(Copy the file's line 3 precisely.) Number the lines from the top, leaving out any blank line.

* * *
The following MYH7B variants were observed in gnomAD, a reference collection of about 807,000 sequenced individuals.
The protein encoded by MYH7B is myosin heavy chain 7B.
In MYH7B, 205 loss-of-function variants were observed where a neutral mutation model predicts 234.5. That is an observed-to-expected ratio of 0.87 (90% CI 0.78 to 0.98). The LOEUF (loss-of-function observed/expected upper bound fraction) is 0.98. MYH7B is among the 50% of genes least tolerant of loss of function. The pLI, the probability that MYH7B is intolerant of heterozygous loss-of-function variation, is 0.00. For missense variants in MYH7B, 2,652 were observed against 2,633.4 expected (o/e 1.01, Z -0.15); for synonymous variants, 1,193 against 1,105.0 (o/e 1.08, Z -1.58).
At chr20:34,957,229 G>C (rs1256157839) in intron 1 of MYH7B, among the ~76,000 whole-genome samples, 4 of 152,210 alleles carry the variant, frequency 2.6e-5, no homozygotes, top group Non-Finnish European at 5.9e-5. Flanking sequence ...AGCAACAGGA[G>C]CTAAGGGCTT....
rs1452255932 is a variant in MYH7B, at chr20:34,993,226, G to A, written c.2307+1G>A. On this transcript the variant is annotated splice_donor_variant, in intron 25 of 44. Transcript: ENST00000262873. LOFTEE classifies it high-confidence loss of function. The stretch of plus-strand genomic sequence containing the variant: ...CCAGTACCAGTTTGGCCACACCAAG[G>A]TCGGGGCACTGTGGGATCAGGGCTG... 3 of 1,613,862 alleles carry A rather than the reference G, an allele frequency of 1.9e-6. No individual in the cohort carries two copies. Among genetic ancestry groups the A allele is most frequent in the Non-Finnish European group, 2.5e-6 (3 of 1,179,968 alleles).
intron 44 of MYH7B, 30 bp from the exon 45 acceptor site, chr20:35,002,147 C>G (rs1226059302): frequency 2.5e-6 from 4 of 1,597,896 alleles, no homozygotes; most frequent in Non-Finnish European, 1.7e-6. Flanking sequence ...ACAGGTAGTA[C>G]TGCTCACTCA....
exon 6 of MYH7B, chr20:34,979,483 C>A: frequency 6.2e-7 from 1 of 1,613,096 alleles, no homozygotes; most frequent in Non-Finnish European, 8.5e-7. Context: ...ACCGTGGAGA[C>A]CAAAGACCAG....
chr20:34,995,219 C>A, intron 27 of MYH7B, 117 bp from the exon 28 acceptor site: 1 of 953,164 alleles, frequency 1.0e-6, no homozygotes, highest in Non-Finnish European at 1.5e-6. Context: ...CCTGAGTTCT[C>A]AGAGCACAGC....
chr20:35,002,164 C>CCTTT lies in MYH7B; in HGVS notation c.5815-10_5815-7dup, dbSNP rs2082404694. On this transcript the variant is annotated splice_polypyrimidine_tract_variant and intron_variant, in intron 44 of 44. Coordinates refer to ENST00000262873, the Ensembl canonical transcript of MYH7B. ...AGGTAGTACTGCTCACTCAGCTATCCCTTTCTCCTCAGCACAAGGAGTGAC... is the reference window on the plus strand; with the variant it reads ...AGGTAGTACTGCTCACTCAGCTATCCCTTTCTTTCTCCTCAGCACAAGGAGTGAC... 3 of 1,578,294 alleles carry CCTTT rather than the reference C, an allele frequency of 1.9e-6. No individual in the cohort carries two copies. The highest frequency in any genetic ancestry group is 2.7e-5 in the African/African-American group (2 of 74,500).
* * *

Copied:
In MYH7B, 205 loss-of-function variants were observed where a neutral mutation model predicts 234.5. That is an observed-to-expected ratio of 0.87 (90% CI 0.78 to 0.98). The LOEUF (loss-of-function observed/expected upper bound fraction) is 0.98. MYH7B is among the 50% of genes least tolerant of loss of function. The pLI, the probability that MYH7B is intolerant of heterozygous loss-of-function variation, is 0.00. For missense variants in MYH7B, 2,652 were observed against 2,633.4 expected (o/e 1.01, Z -0.15); for synonymous variants, 1,193 against 1,105.0 (o/e 1.08, Z -1.58).